The psalmist knows this and fights to remind himself who God truly is; “God my rock.” He says this to himself in the midst of his ongoing questions and pain. His circumstances have not changed, but he reminds himself that God is his rock. Not just that God is a rock, but God is his rock. The writer reminds himself to place his hope in God (verses 5 and 11). We can feel the author struggle to place his hope in God and keep it there. He is fighting to rise above the painful emotions and questions that accompany his circumstance. Throughout the Psalm, he also reminds himself of his hunger for God and God’s goodness. We see the back and forth between the struggle of the circumstances and finding hope in God in the midst of his circumstances. Of course, this man wants his circumstances to change, but he is fighting to keep his focus on what is true about God rather than letting his circumstances or emotions define what is true.
One of the fundamental aspects of prayer is to reorient our hearts and minds back to the truth of who God is and to trust in His goodness.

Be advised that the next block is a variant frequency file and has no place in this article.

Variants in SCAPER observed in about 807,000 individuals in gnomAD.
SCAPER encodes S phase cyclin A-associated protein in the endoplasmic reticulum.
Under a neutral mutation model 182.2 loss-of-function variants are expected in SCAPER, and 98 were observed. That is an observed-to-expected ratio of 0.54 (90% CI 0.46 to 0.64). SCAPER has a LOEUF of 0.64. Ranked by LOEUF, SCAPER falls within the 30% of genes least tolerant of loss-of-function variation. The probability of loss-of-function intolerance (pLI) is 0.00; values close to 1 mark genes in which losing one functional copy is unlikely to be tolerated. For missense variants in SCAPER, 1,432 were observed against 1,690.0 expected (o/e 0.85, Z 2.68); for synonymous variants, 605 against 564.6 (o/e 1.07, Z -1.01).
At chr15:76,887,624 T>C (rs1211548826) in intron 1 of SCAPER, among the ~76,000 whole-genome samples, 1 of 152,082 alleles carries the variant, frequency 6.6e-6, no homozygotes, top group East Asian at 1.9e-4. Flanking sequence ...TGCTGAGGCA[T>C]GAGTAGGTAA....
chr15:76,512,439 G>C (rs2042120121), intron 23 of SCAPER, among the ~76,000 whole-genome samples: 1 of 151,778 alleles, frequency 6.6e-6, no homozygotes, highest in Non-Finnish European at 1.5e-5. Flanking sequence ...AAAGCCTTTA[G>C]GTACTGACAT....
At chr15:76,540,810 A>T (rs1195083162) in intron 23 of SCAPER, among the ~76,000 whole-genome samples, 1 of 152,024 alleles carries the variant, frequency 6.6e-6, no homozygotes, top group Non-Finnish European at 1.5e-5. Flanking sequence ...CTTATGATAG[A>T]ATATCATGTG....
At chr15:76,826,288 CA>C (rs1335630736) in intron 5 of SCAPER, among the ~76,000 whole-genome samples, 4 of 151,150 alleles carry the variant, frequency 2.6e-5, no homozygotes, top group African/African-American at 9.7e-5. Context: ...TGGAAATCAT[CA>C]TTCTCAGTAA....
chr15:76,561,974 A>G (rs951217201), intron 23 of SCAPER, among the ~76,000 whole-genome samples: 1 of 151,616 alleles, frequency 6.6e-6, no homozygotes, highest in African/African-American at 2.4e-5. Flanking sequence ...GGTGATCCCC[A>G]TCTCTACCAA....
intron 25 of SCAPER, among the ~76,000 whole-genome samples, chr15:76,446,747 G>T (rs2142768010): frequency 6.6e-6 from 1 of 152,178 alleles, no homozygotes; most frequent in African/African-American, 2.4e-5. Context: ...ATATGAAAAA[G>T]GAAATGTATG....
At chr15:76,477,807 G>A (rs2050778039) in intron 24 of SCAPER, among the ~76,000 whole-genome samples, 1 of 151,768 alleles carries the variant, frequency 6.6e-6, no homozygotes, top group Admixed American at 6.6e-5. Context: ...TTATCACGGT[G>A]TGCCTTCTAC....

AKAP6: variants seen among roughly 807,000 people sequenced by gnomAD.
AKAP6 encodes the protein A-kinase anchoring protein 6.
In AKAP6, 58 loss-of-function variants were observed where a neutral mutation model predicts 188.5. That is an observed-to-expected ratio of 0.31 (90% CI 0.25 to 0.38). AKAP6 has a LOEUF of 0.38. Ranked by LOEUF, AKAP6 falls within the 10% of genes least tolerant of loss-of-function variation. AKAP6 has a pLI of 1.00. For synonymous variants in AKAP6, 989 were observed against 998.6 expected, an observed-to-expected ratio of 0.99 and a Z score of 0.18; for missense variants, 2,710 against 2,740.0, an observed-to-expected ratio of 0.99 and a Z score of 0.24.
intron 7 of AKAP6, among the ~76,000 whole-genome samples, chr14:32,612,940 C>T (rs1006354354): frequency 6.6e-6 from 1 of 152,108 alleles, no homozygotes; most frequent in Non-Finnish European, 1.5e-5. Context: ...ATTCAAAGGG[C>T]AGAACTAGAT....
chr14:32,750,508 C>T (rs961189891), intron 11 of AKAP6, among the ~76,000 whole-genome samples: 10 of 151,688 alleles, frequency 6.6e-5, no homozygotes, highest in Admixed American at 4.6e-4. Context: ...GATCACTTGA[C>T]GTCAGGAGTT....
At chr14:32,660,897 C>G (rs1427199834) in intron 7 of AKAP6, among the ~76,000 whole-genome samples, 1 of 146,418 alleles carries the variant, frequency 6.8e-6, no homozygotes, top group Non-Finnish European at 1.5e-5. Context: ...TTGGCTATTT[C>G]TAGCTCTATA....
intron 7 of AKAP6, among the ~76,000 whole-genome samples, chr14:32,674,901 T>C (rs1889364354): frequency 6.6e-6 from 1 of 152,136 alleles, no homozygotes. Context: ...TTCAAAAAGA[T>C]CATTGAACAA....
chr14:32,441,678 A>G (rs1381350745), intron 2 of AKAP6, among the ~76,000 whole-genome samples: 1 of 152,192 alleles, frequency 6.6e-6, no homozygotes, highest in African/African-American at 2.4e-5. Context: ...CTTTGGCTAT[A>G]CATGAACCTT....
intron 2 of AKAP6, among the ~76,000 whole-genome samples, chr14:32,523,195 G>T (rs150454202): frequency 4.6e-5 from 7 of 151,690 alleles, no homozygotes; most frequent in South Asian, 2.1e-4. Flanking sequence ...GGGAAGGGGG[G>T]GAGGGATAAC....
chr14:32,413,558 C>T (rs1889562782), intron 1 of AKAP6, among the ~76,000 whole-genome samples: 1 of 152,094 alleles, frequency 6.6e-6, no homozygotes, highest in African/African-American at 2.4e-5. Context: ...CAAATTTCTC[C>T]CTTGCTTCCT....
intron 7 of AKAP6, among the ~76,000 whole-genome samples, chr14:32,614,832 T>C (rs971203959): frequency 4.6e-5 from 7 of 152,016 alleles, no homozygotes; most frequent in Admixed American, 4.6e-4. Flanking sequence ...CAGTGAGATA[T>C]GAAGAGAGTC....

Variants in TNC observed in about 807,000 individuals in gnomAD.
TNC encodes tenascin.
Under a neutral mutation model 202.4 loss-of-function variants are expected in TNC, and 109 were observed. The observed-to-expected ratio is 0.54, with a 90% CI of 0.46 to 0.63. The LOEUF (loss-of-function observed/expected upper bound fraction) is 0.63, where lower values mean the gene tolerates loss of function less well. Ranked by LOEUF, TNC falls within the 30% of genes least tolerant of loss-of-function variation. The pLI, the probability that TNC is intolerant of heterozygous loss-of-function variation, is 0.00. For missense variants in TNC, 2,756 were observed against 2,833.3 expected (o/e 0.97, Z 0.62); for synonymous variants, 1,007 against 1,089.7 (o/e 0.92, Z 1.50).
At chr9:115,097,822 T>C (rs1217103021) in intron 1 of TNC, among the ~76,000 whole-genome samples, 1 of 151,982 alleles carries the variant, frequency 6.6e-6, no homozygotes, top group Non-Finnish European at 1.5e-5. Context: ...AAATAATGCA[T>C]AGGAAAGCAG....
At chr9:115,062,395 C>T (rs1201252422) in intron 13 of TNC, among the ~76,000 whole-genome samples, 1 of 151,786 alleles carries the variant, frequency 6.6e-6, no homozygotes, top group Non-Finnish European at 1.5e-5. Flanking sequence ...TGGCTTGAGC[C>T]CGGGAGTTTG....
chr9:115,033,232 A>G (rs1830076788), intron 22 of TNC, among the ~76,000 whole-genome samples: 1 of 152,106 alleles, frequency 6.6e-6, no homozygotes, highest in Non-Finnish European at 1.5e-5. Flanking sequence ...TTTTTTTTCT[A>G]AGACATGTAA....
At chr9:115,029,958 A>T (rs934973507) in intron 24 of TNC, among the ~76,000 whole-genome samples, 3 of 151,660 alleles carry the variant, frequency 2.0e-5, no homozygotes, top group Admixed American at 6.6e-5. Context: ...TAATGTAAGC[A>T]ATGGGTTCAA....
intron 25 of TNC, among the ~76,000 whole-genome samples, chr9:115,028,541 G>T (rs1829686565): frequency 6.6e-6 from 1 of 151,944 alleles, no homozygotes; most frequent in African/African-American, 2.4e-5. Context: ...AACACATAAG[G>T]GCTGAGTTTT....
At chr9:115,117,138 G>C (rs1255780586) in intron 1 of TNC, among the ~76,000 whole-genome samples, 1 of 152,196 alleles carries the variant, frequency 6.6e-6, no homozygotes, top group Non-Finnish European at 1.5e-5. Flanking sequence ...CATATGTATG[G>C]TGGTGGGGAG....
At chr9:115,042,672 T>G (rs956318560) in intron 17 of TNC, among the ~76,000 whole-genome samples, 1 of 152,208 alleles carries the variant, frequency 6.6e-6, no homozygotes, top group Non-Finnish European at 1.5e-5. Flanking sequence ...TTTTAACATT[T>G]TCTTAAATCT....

We ask the Lord to change the difficult things in our lives, also accepting that they may not change. Prayer is a place where we have been granted the privilege of speaking very openly and honestly to our Creator. Yet we are to always remember we are not God. We are incapable of seeing things as fully as God, and even if we could do so it would not make a difficult situation easy. We know this from the account of our Lord’s own struggle in the Garden of Gethsemane (Matthew 26:36-46). He saw the full picture and still asked that it could change. Dark valleys are hard because they are painful and often full of uncertainties. Prayer is a place to speak truth to our hearts so we might live faithfully and keep an accurate view of God through the challenge. This is done by following what the psalmist does in Psalm 42, remembering that ultimately our hope is in God and not the changing of our circumstances.